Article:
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Evaluation of acquired and hereditary risk factors for the development of thromboembolism in patients with systemic lupus erythematosus.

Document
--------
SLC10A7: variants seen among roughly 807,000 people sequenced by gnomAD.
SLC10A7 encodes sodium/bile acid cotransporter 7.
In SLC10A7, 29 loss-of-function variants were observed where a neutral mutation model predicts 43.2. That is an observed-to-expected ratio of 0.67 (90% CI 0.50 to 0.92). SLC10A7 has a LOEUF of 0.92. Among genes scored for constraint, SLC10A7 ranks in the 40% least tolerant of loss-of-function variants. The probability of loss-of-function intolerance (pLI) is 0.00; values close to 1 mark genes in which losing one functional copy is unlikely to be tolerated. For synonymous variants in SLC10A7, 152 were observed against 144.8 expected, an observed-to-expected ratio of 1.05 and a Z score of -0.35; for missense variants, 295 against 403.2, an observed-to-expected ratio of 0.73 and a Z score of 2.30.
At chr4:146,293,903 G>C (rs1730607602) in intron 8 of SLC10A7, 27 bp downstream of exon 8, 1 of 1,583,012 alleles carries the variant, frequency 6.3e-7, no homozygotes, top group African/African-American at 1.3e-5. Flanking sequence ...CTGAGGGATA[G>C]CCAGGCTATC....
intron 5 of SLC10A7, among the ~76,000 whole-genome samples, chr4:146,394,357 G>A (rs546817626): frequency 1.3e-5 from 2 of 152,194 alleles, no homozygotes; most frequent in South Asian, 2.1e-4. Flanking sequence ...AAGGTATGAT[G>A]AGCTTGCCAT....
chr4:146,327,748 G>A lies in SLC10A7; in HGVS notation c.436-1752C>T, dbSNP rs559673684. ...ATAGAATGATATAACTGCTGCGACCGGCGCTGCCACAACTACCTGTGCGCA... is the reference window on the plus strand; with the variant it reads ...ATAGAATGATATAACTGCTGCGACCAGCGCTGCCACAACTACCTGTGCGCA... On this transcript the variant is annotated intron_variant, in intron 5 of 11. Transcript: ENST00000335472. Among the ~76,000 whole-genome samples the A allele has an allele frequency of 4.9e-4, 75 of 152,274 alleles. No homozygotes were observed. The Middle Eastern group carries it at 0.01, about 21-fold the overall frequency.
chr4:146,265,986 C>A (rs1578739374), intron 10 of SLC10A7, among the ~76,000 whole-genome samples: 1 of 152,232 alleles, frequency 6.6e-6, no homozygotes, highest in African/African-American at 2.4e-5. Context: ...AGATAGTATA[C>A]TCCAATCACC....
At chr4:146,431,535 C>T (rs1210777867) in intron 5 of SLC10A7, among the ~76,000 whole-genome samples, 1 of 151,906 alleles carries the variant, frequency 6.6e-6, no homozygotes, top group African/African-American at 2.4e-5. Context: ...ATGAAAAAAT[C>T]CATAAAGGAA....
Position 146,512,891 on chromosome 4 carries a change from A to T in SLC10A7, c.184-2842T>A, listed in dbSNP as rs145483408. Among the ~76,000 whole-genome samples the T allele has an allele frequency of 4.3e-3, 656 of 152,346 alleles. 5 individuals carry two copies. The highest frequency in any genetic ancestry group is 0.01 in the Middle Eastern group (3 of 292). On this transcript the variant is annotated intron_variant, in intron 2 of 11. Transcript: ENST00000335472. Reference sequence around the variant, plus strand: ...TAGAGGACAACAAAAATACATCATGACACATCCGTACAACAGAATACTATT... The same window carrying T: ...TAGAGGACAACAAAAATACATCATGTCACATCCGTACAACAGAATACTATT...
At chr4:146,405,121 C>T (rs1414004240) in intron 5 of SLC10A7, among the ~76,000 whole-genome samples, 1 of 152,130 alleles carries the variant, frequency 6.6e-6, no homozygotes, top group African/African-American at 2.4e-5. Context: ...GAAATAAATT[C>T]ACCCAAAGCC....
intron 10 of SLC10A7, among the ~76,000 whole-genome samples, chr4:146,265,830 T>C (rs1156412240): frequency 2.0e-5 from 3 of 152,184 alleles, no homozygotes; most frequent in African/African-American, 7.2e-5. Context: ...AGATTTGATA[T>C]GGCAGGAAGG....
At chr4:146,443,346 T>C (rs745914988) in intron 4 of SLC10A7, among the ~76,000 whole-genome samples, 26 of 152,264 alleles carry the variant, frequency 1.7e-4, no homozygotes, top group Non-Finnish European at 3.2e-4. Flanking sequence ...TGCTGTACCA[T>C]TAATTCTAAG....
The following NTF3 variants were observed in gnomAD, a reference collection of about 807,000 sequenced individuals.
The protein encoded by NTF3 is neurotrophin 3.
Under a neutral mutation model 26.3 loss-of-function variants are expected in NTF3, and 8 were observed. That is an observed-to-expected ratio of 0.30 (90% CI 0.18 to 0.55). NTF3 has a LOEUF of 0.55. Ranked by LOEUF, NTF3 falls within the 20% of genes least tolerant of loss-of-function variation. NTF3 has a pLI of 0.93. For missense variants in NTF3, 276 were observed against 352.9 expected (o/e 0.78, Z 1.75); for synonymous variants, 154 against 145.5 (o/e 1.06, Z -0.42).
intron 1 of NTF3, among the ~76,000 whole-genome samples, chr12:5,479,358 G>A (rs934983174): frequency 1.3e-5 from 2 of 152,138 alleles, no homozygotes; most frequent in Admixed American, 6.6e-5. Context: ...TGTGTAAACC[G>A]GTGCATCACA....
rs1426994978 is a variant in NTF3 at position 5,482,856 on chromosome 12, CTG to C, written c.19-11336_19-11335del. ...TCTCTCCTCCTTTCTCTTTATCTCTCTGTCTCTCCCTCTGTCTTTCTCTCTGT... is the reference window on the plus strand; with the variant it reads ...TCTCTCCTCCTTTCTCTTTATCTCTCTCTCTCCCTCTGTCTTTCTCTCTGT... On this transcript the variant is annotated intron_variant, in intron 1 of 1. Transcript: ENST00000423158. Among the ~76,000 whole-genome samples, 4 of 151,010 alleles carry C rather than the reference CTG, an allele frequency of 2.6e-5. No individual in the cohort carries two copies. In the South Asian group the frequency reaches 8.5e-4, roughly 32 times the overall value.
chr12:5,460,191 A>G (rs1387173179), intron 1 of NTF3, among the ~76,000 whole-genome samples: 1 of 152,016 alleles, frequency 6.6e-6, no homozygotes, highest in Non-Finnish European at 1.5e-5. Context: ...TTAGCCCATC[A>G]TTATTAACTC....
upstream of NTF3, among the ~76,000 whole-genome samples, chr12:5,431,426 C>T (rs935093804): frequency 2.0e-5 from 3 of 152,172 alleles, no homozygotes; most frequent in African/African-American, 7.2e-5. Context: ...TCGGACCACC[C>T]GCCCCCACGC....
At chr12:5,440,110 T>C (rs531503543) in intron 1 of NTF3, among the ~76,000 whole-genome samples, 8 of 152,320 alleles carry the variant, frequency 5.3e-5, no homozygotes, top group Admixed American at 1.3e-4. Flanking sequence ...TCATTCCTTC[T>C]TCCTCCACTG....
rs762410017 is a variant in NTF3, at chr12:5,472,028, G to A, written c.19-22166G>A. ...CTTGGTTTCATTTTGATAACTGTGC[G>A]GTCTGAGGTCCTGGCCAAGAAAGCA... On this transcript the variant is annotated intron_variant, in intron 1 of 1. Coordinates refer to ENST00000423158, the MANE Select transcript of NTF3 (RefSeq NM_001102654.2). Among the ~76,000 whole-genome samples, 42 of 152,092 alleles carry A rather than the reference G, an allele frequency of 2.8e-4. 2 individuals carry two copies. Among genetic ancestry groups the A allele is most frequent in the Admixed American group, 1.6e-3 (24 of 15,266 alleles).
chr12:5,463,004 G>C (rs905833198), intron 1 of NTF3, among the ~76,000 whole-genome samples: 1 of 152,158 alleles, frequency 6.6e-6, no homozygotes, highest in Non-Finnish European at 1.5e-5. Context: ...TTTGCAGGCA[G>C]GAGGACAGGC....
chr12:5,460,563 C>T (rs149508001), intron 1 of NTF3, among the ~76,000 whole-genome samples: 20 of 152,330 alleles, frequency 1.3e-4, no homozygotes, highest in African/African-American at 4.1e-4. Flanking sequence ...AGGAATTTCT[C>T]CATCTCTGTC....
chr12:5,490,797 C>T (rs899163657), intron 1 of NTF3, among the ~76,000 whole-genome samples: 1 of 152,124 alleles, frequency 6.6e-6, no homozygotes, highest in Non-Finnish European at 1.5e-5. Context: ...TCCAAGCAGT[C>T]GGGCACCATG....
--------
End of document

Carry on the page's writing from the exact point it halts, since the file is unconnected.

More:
Although the contribution of antiphospholipid antibodies (aPL) to thrombolembolism in systemic lupus erythematosus (SLE) is well known, there is not enough data on the contribution of various hereditary thrombophilic factors. In this study, we aimed to determine acquired and hereditary thrombophilic factors in adult patients with SLE. A total of 93 SLE patients (87 women and 6 men) were included. Data on clinical, demographic and laboratory characteristics, and disease activity scores (SLEDAI) of the patients were evaluated. The patients were analyzed with a screen, including lupus anticoagulant, anticardiolipin antibodies (aCL), antithrombin III, protein C, protein S, and homocysteine levels; factor V Leiden ( FVL ), methylenetetrahydrofolate reductase ( MTHFR ) and prothrombin G20210A gene mutations. A total of 23 thromboembolic events were reported in 17 (18.3%) of the patients. The frequency of pregnancy complications and SLEDAI scores were significantly higher in SLE patients who had a thromboembolism event ( P  < 0.05). Thromboembolism was detected in 12 (32.4%) of 37 patients with positive aPL antibody and 5 (8.9%) of 56 patients with negative aPL antibody ( P  = 0.006). In addition, thromboembolism developed in 11 (32.3%) of 34 lupus anticoagulant-positive patients and 6 (10.1%) of 59 lupus anticoagulant-negative patients ( P  = 0.012). Moreover, protein C levels were significantly lower in patients who developed thromboembolism ( P  < 0.05). Patients with and without thromboembolism were similar in terms of genetic thrombophilia factors ( MTHFR A1298C, MTHFR C677T, FVL and Prothrombin G20210A ) ( P  > 0.05). In conclusion, in the current study, some acquired (aPL, lupus anticoagulant and cCL IGG) and hereditary (protein C deficiency) thrombophilic factors were shown to be associated with the development of thrombosis in SLE patients. However, the effect of other hereditary factors on the development of thromboembolism could not be demonstrated. According to the data of this study, genetic screening seems inappropriate in terms of the risk of thromboembolism in patients with SLE.

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